Corporate tax cut will reignite private investments: Baba Kalyani
Low tax rates for the industry will encourage entrepreneurs and businessmen to invest in different sectors.
Will the government’s announcements to reduce corporate tax and expand the scope of corporate spend under Corporate Social Responsibility (CSR) norms spur investment?
This is the single biggest boost to the ‘Make in India’ campaign. India now is on par with the United States, the UK, Vietnam, Indonesia, Singapore and Thailand in terms of manufacturing cost competitiveness. In January 2018, the US economy got a big spurt after President Trump reduced the taxes. I think we should also start seeing similar effects in a couple of months. It should also re-ignite a virtuous cycle of private investment in the country.
Most importantly, this will allow many Indian companies to get into the global supply chains of several sectors other than automotive and pharma. There are a lot of new business models coming up because of technology advancements. Low tax rates for the industry will encourage entrepreneurs and businessmen to invest in these sectors. But we now need to take some steps like converting SEZs (special economic zones) into economic employment enclaves. Leverage vacant lands that are available. Create demand measures like it was done during the 2008 downturn. For example, buses were bought under the Jawaharlal Nehru National Urban Renewal Mission (JNNURM). The private sector needs more defence orders. Something like that will build on this tax regulation.
Many companies are saying that investments may not be immediate because there is excess capacity in the system. What do you think?
This is where the real problem lies. If you look at the traditional business model, everybody has too much capacity. On traditional products, we are all working way below our full capacity, whether it is cars, trucks or anything. Now, EV is a technology. It is not a traditional business model. We, therefore, have to create new markets with these new technologies rather than depending only on the traditional business models. I think companies that are able to do this speedily and at a reasonable cost are the companies of the future.
What are the new business segments that Bharat Forge is exploring?
Bharat Forge is India’s first manufacturing multi-national company, with facilities all over the world. Whatever we have developed has been with our own research. We do a lot of work in material science and new material processes, which is our bread-and-butter business. We are also working in the areas of defence and related products, electric vehicles, nanotechnology, and composites, including carbon composites. A lot of our electric vehicle aggregates and sub-systems will be coming into the market in the next few months.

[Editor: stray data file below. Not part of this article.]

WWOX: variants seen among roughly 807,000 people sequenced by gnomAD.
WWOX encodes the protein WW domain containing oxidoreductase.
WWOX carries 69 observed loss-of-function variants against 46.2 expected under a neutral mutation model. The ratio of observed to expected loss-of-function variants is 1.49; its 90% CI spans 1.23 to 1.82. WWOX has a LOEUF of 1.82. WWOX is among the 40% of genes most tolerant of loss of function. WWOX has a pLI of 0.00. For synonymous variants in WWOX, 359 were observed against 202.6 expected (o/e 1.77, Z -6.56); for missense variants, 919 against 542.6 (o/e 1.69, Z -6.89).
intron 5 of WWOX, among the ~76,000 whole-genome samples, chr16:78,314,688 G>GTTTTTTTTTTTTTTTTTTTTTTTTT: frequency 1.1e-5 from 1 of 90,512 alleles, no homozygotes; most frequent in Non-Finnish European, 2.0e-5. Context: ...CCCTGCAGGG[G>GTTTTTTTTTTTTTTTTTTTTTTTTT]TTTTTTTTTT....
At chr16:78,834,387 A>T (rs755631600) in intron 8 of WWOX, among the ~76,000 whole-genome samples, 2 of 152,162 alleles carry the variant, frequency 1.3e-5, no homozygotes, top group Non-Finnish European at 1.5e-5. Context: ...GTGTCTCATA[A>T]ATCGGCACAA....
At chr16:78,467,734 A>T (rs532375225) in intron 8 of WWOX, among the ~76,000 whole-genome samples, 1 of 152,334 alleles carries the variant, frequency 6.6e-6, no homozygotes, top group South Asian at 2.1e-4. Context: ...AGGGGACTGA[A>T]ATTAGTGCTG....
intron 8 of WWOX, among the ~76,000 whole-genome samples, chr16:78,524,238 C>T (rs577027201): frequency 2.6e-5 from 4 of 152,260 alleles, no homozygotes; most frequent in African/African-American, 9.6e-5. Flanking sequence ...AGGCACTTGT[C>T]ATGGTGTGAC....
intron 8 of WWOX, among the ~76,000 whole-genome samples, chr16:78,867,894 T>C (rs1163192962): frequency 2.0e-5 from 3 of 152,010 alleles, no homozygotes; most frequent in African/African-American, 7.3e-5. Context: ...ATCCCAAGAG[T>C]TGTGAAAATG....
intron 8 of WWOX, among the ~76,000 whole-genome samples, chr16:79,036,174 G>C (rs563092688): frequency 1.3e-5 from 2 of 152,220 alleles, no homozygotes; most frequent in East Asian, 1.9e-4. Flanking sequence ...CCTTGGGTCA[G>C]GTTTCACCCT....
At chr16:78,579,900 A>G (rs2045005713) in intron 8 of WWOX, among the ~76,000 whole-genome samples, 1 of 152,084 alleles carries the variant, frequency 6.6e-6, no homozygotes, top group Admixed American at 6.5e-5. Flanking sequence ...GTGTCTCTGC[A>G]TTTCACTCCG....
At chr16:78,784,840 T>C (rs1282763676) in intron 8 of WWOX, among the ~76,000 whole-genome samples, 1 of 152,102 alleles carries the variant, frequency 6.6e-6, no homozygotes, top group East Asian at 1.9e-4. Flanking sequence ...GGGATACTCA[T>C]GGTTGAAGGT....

Our industry used to be centred around metals at one time. Now the industry is moving into everything other than metals. There are a lot of electronics in vehicles already and there will be a lot more when EVs come in. There are a lot of light metals in vehicles. There are a lot of composites coming in. We are also doing a lot of manufacturing through 3D printing. There is a lot of convergence of technologies in many fields and we have more than 12 research labs. We even make small jet engines, which we have developed in one of our research labs. Customers for these largely are from the defence sector.
Could you shed some light on the investment that you recently made in Europe for aluminium casting?
We foresee that a lot of aluminium will be used in the automotive industry and other industries for light-weighting. These are very special aluminium castings with very thin walls and built-in cooling channels and stuff like that. If you take an electric vehicle, the battery casing is made from aluminium casting with cooling channels. That’s the kind of thing we are going to make in our plant (in Germany).
Could you share more information on the carbon composites segment of your business?
If I was to peek into the future, I believe that wheels for cars in another five to seven years will be all made from carbon composites.
There is an increase in the usage of composite materials in light-weighting vehicles so that they consume less fuel and therefore generate less emission. We are working on making carbon composite wheels. I can’t say when it will be ready, but we are working on it. And generally, what we work on becomes reality.
What was the thought behind investing in electric vehicles companies like Tevva Motors?
Unless you invest in a startup like that, you don’t know what is involved in an EV. And if you don’t know what is involved in it, you really cannot do development work in terms of the sub-systems that go into it, whether it’s the battery charging system, inverter, AC-DC converter, controls, et cetera. Having a stake in Tevva (an UK-based company that makes electric drive trains) taught us a lot of these things. And hopefully, that will allow us to become a supplier to many OEMs (original equipment manufacturers) who move into the EV business.